A man was caught speeding by the police according to the current affairs program I was watching. Instead of stopping when instructed by police, the man fled. This resulted in a high speed police chase which ended tragically with the death of the man.
When the man’s sister was questioned on whether her brother was in any way accountable for his actions, to my surprise, her response was ‘no’. She believed that the police were solely responsible for the accident, and that her brother would still be alive if the police hadn’t chased him in the first place.
I watched another story about a girl who was suing her school because she felt that the school failed to get her into a law degree at the University of Sydney. Her final secondary school score was insufficient, and hence she failed to qualify to study law at her desired University. The hearing is due to resume in August and it will be quite interesting to see the outcome of this story.
One common denominator I find today is in the area of accountability which appears to be a trend in our society. Whatever happened to being responsible for our own actions? It seems like it’s so much easier to point the finger at someone or something else, than admit to our own short comings. Liability has become such a big issue that many organisations have people sign legal documents to waive any incidents that may occur.
But please don’t misunderstand me here. There are cases that the accused party is clearly responsible for the undesirable outcome e.g. due to negligence (such as consciously allowing an employee to work on dangerous rooftops without a harness). However, there have been many incidents that the fault can simply be placed on the accuser. I realise the courts are there to determine outcomes when such cases that come up.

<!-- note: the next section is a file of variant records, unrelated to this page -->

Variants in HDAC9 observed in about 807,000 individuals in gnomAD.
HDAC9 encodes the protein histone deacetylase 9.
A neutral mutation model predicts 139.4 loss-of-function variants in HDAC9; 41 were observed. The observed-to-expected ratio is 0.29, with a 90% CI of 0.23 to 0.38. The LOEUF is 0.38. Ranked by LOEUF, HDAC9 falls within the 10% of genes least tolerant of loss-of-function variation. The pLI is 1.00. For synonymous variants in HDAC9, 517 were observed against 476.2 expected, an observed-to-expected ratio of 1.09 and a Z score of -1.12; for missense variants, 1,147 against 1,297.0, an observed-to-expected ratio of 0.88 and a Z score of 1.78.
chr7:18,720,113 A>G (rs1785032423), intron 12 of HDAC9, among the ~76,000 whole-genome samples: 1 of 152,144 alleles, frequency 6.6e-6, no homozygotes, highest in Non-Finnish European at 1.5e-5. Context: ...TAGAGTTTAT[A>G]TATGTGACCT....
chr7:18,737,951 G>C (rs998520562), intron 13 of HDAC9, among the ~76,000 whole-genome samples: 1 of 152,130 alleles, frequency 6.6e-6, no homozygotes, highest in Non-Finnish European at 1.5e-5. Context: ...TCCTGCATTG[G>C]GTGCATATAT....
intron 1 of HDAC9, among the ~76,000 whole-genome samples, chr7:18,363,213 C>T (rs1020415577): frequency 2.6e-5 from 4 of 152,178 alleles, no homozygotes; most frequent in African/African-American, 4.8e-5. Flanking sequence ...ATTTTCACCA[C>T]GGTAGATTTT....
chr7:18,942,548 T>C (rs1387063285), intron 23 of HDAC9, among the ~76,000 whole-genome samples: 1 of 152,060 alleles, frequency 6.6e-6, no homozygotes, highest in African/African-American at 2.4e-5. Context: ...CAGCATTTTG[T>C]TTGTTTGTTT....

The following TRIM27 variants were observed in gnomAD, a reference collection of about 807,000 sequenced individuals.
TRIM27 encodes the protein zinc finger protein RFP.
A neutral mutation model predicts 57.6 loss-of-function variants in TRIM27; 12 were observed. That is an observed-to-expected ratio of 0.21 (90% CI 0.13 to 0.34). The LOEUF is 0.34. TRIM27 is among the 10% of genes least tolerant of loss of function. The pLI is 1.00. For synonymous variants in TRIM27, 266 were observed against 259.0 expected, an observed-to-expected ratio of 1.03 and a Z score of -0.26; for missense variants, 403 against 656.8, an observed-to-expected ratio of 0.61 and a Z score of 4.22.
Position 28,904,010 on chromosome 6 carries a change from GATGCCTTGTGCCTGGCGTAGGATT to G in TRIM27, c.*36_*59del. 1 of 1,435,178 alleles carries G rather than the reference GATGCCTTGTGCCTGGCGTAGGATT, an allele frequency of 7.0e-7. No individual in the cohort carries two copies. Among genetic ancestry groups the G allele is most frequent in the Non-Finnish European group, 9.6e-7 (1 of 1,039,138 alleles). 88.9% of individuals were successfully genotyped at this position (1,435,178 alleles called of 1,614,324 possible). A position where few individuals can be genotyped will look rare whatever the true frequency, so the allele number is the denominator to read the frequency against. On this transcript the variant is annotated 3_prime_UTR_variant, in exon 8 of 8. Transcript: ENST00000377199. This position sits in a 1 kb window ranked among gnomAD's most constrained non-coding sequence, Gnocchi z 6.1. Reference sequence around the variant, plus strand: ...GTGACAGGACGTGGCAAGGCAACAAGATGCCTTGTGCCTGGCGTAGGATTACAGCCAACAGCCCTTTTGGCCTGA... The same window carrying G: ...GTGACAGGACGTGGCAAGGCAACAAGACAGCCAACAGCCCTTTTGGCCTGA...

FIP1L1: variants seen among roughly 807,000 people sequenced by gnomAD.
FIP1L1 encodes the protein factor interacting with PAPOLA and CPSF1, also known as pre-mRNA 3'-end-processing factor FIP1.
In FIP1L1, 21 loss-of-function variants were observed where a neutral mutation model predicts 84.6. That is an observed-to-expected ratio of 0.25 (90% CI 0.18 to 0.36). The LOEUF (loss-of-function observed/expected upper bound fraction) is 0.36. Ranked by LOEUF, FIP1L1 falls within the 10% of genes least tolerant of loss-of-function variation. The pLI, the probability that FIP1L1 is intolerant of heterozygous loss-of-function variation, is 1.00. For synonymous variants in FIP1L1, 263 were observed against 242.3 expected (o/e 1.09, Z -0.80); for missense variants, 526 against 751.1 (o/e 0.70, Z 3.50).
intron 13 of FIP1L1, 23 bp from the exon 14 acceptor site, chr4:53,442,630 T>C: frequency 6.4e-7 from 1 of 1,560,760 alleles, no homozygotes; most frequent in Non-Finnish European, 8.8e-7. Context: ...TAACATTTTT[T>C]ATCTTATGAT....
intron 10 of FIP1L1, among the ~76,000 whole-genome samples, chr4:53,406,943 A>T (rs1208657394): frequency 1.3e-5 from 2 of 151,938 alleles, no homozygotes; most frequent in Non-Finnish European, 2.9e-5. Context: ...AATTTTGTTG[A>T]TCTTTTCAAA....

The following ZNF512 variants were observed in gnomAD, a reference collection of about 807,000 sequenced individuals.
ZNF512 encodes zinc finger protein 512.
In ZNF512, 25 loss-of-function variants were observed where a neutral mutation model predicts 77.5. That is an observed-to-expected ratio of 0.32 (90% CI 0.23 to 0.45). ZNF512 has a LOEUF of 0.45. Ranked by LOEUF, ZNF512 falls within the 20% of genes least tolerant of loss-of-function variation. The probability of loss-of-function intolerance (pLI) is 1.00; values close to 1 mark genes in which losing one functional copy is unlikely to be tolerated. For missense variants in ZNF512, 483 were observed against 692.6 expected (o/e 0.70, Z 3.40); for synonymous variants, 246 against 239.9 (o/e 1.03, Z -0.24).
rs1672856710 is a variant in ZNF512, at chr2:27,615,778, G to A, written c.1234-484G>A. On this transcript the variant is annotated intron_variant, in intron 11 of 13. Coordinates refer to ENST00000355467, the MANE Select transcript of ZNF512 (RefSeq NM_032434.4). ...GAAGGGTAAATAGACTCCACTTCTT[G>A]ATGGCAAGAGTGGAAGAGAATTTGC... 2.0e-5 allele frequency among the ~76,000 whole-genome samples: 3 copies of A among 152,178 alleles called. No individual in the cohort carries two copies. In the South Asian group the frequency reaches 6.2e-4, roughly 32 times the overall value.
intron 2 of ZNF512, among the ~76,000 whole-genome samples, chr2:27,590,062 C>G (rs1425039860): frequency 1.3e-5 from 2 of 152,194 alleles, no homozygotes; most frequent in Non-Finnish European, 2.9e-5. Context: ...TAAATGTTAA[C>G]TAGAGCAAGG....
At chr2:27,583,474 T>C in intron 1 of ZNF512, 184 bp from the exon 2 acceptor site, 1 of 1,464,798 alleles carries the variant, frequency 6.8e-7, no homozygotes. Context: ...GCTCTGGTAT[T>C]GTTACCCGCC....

101 Christian Theology
When I think about such incidents, I’m inclined to think about what happened in the Garden of Eden (Genesis chapter 3 verses 1-12). When God questioned Adam about eating the fruit from the tree of knowledge of good and evil, his immediate response was: “the woman you [God] put here with me – she gave me some fruit from the tree, and I ate it (v12).”
Adam knew he had done wrong but rather than accepting responsibility for his own actions, he chose to blame God. Adam and Eve even tried to hide from God. They knew that they had been disobedient and were most probably afraid of the consequences they would have to face. In addition, I believe in part that Adam’s pride withheld his confession. So unaccountability is not new – in fact it has existed from the beginning of mankind.
101 Christian Theology is that it was sin (disobedience of God’s law) that brought about our separation from God. Without the acknowledgement of our sin, we cannot move forward with God. Otherwise, I may as well say: “the devil tempted me, and I gave in.
But it’s not my fault – it’s the devil’s! He shouldn’t have tempted me in the first place. He is the one that deserves the punishment. Not I. I just went ahead and ‘ate what was offered to me on the plate.’”
Responsibility and Privileges of Choice
Having the power and freedom to choose our actions is a great privilege. We need to be willing to accept the choices that we make regardless of whether they are good or bad. I can only hope that in my day to day life, I choose to obey God, and take responsibility for my own actions. I alone am accountable. Pushing the blame on anything else will never free us from sin, but will only entangle us in a chain of eternal disaster.
Besides this, the only way we can come to accept the gospel of Jesus Christ, is if we acknowledge that we have sinned (done wrong according to God’s law), and repent (or turn away from our sin) and seek forgiveness (for the wrongs we have done) from God.
He who conceals his sins does not prosper, but whoever confesses and renounces them finds mercy. (Proverbs chapter 28 verse 13 NIV)
Kandima Awendila was born in Mozambique and lives and works as an IT Service Desk Engineer on the Gold Coast.
Kandi Awendila's archive of articles may be viewed at www.pressserviceinternational.org/kandima-awendila.html